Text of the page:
The Northern Passage was a sea route long sought by mariners as they looked for a way to bypass the North American continent and reach the Pacific. When it was finally discovered and mapped, it was found to be a disappointment, because the sea ice that clogged the passage meant it could not be used as a route for most ships. That may now be changing. Predictions are that by 2050 the passage will be open for use for regular international shipping, including ships that have not been ice strengthened. When this happens, climate change will not be Canada’s only problem; it will face the dilemma of retaining sovereignty over the Northwest Passage, which may aggravate its relations with the United States.
In my last article I discussed the tensions between Russia and Canada in the Arctic. In this case though, Canada’s interests converge with Russia’s while diverging with America’s. As the Northwest Passage thaws, Canadian-American relations are likely to feel the heat too. Canada wants the Northwest Passage to be seen as Canadian territory as this would provide Canada with control over the ships that use the passage and thus increase Canada’s security. The United States has entirely different incentives, and plenty of reason to wish it to be considered an international strait. Russia has no reason to challenge Canadian interests, because it has a similar interest in preventing the Northern Sea Route from being considered an international strait.
Under the United Nations Convention on the Law of the Sea (UNCLOS), certain waterways can be seen as international straits. International straits are bodies of water through which ships from any nation have the right of innocent passage. Innocent passage means that any ship, civilian or military, can pass through the waters as long as its trip is “continuous and expeditious” and the ship does not carry out any hostile acts towards coastal states in the area. For a body of water to be considered an international strait it has to be used for international navigation, and that is where the legal disputes come in. Some argue that if only a few ships use the passage without the nearby coastal state being able to control and regulate their passage, then it could be considered an international strait. Others argue that it would require international transportation on a large scale, and a party willing to take the issue to an international court. Either way, the issue is of huge significance to Canada.
If the Northwest Passage and Northern Sea Route were to be considered international straits, Canada would still have some ability to regulate shipping through the area, and might be able to mitigate some of the environmental impacts of shipping, if the government so desires. UNCLOS allows for states to regulate traffic through straits neighbouring their coast, however they cannot restrict the innocent passage of ships through such straits. This means that Canada would not be able to control and prevent military vessels from entering the Arctic region and traversing through the Northwest Passage. This would in turn reduce the security of Canada’s Arctic.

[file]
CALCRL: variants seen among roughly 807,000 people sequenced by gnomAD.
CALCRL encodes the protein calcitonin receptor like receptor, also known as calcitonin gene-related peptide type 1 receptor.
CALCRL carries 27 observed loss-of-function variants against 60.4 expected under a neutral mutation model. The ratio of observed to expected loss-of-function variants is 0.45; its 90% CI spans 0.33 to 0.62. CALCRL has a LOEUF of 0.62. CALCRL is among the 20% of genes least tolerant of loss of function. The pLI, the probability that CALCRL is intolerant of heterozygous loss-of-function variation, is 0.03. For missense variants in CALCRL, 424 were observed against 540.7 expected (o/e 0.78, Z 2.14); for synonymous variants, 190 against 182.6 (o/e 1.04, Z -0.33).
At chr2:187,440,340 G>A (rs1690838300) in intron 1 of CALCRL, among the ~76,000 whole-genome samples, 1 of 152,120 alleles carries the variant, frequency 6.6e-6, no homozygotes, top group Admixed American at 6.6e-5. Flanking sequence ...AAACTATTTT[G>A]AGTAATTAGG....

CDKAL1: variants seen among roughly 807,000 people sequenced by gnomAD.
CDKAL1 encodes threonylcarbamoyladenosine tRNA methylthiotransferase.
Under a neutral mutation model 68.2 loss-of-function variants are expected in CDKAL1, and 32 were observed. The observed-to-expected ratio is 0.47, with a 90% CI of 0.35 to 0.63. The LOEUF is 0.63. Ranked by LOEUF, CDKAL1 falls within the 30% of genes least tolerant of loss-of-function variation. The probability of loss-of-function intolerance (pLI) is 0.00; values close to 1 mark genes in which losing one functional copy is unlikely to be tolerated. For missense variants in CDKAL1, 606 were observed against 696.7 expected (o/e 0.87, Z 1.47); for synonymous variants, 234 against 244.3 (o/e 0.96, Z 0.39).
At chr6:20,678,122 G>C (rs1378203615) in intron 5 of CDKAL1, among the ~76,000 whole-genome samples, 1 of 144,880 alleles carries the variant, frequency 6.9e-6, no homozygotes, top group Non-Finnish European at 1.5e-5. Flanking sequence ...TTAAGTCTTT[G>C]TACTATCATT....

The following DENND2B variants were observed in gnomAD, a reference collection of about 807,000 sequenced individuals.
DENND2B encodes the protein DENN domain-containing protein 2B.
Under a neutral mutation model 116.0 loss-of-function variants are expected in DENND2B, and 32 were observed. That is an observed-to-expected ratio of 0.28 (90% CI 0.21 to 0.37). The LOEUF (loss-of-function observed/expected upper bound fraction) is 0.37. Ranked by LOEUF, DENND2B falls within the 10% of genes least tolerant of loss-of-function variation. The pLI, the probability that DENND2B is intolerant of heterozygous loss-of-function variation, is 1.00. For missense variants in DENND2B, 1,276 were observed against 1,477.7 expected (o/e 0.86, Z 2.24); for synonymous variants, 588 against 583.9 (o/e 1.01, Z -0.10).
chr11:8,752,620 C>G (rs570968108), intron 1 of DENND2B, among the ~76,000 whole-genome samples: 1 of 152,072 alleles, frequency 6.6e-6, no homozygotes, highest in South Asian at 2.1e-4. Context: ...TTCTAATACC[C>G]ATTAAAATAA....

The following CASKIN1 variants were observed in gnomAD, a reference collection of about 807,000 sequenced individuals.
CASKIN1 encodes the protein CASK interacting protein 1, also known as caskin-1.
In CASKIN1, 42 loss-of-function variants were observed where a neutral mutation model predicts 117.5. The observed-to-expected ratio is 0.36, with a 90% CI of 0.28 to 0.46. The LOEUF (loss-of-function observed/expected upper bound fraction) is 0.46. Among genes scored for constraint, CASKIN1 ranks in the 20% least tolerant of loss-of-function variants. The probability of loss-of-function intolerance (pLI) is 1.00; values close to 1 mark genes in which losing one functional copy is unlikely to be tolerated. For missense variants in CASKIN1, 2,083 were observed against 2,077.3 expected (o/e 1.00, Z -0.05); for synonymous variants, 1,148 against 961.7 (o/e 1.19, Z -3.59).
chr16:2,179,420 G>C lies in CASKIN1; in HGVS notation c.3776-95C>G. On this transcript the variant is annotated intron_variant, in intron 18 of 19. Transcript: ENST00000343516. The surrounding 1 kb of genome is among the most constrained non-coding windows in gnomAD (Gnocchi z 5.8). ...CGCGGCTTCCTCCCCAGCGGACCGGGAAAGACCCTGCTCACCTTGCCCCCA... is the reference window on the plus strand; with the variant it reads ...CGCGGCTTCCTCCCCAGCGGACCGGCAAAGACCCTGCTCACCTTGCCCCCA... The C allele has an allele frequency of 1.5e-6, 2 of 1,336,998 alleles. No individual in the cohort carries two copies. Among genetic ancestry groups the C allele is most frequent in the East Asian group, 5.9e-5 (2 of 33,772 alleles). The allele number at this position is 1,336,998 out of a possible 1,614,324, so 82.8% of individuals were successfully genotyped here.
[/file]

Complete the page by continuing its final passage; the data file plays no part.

To prevent this from happening, Canada has to prove that the Northwest Passage consists of waters internal to Canada and that the passage does not constitute an international strait. However, even if Ottawa were to win such a legal battle, it could put Canada on the fast track to deteriorating relations with its southern neighbour.
The United States wants to have the waters established as an international strait. While the United States has not ratified UNCLOS, it does see it as a convention of customary law, which means that it is still international law. While the United States is not likely to challenge Canada’s claim to the passage, if a ruling by an international court went in Canada’s favour, it would be a threat to American interests. If such a ruling happens it would create a precedent in international law, and other states bordering international straits could challenge the status of those straits. While the United States may not be a party to UNCLOS, other coastal states are, and if they challenge the status of international straits in other parts of the world it will compromise American interests by threatening the American navy’s ability to navigate the world’s oceans freely
Historically the United States has shown its opposition to Canada’s claim on several occasions. In 1969, the United States sent a supertanker through the region, and as a result Canada instituted the Arctic Waters Pollution Prevention Act, which Canada used to assert its right to control navigation in waters up to 161 kilometres offshore. In 1985, the United States directly challenged Canada’s claim to the Northwest Passage by sending the icebreaker Polar Sea through the passage without informing Canada. This resulted in temporary diplomatic tensions between the two countries, an issue which was eventually resolved with the 1988 Arctic Cooperation Agreement which requires that the United States obtain the permission of Canada to navigate icebreakers through the passage, on the understanding that Canada will always give that permission.
So far Canada and the United States have basically agreed to disagree. As long as things remain as they are, the United States has no reason to challenge Canada’s claims because their ships can move through the Northwest Passage freely. Additionally, the main threat to American interests comes from a failed challenge of Canada’s claim, rather than from the claim itself. In addition, because America is not a signature to UNCLOS they cannot actually challenge Canada, although this could change soon, as there is strong support in the United States for ratifying UNCLOS. Currently Canada’s claim is unchallenged, but as the Northwest Passage thaws Canada will have to deal with a dilemma: how can it retain control over the passage without compromising its relations with its primary ally?